Some years ago, my local weavers guild, the Handweavers of Bucks County, acquired a copy of an early 20th century weaving book, 2000 Grund-und Phantasiebindungen für Schaftgewebe, by Carl Hintschich. It contains 2000 weaving patterns originally intended,most probably, for industrial dobby looms with 4 to 20 shafts.
All 2000 patterns are in the same format: 24 by 24 grids arranged 12 to a page. In most of these old weaving books, unless there is an explicit indication otherwise, you are expected to assume a straight draw threading. The page title is the only clue you get to the number of shafts. From there you have to inspect each grid row by row to discover where the lifting sequence begins to repeat. In the copy of the book owned by the guild, some poor apprentice seems to have been assigned the task of figuring this out. Under each grid, someone has lightly pencilled in the unit size of the repeat, as 4 x 6, or 4 x 10, etc. Often it is too faint to read and, in at least one case, he or she seems to have given up, writing only ‘4 x ?’. But in the cases where it is legible, it was a handy check against my own calculation.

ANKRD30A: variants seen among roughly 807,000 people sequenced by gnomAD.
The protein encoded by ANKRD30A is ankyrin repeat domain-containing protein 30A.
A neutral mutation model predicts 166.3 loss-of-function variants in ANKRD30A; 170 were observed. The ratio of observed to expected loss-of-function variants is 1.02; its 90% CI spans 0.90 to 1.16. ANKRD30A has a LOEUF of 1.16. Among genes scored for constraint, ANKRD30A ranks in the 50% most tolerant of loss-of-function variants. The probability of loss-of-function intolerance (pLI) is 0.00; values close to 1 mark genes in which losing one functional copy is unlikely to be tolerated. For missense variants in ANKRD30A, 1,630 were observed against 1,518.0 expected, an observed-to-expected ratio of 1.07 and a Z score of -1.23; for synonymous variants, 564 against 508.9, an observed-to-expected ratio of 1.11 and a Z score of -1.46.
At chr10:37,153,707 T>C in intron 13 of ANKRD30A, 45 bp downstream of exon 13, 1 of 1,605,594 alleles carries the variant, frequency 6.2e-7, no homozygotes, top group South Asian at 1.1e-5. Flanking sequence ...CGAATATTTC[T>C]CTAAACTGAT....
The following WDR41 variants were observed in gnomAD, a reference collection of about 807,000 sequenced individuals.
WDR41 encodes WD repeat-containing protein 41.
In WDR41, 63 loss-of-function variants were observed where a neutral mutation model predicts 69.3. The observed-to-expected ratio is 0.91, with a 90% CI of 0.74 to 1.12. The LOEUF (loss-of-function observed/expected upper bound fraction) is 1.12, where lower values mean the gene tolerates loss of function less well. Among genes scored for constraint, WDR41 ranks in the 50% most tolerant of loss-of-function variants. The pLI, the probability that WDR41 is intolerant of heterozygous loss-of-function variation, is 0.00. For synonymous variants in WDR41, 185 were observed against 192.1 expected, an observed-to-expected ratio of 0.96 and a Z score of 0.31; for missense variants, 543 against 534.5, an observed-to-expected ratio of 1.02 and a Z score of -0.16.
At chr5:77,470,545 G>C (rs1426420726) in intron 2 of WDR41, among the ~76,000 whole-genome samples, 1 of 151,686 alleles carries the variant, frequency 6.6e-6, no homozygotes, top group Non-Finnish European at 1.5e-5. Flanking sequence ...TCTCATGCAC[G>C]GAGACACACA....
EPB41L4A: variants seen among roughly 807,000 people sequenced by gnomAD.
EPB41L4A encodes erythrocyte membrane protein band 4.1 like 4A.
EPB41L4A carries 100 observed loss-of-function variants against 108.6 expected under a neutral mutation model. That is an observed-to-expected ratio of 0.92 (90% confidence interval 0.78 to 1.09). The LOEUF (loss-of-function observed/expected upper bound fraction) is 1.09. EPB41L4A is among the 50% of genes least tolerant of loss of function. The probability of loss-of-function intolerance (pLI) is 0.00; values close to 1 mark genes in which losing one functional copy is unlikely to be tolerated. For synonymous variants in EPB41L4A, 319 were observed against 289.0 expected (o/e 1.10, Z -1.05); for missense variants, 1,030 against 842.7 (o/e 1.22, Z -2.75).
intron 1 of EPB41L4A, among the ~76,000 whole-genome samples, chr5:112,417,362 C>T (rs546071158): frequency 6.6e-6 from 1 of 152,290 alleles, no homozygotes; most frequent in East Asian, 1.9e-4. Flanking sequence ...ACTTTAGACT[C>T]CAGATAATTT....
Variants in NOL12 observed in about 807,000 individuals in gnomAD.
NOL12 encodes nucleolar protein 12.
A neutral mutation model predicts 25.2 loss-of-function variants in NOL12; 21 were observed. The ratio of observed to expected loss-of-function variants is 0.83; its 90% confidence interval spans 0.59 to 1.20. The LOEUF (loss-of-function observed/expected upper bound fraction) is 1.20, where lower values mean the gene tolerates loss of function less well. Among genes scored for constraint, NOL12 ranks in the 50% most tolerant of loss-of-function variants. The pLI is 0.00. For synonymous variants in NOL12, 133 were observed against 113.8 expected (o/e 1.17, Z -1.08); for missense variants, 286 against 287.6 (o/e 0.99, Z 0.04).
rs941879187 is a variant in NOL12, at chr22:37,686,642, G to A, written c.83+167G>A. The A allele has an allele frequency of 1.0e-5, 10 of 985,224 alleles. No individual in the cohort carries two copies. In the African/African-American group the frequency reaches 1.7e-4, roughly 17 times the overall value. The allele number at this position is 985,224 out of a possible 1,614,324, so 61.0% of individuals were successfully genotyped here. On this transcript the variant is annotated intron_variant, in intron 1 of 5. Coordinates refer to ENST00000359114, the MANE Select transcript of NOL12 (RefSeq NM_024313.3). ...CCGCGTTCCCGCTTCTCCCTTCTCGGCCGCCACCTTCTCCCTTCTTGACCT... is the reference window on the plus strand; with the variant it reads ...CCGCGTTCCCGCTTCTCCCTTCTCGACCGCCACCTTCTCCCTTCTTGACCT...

It has taken a while but I recently finished ‘translating’ all 100 of the 4 shaft patterns into wif format So that I could weave them all up.
When I was ready to wind that first warp, I gathered an eclectic assortment of lights and darks, heavy and fine, silks, wools, cottons and blends. I like to mix fibers, colors, and textures in my warps, even though it usually means that the beaming process is a bit of a challenge. But the irregular stripes served two functions in this project. First I could tell which side of the cloth was ‘up’ when woven, and second, I could see the effect of a particular set of colors with each interlacement.
Once the loom was set up it was just a matter of choosing a weft and starting with draft number one and proceeding one after the other. I wove two scarves, each about two yards long.
For my first scarf on this warp, I wove the first fifty patterns, in order, with three or four rows of plain weave between each section.